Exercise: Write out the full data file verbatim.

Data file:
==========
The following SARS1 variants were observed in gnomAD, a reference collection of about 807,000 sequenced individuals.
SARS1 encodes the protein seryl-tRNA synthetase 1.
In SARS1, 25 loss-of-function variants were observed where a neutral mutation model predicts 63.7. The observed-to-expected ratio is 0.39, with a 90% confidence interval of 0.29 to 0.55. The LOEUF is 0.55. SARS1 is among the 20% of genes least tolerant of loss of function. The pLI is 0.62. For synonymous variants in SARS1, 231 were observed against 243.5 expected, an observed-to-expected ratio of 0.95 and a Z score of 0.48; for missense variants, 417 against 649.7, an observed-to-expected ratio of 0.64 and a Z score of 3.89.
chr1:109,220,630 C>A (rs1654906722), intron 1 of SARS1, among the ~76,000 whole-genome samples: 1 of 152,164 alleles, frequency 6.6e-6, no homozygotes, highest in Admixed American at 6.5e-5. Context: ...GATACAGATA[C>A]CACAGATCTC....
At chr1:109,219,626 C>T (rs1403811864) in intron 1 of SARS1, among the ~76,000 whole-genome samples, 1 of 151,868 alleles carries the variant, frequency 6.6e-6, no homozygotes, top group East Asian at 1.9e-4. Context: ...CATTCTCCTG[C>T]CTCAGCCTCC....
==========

The following SARS1 variants were observed in gnomAD, a reference collection of about 807,000 sequenced individuals.
SARS1 encodes the protein seryl-tRNA synthetase 1.
In SARS1, 25 loss-of-function variants were observed where a neutral mutation model predicts 63.7. The observed-to-expected ratio is 0.39, with a 90% confidence interval of 0.29 to 0.55. The LOEUF is 0.55. SARS1 is among the 20% of genes least tolerant of loss of function. The pLI is 0.62. For synonymous variants in SARS1, 231 were observed against 243.5 expected, an observed-to-expected ratio of 0.95 and a Z score of 0.48; for missense variants, 417 against 649.7, an observed-to-expected ratio of 0.64 and a Z score of 3.89.
chr1:109,220,630 C>A (rs1654906722), intron 1 of SARS1, among the ~76,000 whole-genome samples: 1 of 152,164 alleles, frequency 6.6e-6, no homozygotes, highest in Admixed American at 6.5e-5. Context: ...GATACAGATA[C>A]CACAGATCTC....
At chr1:109,219,626 C>T (rs1403811864) in intron 1 of SARS1, among the ~76,000 whole-genome samples, 1 of 151,868 alleles carries the variant, frequency 6.6e-6, no homozygotes, top group East Asian at 1.9e-4. Context: ...CATTCTCCTG[C>T]CTCAGCCTCC....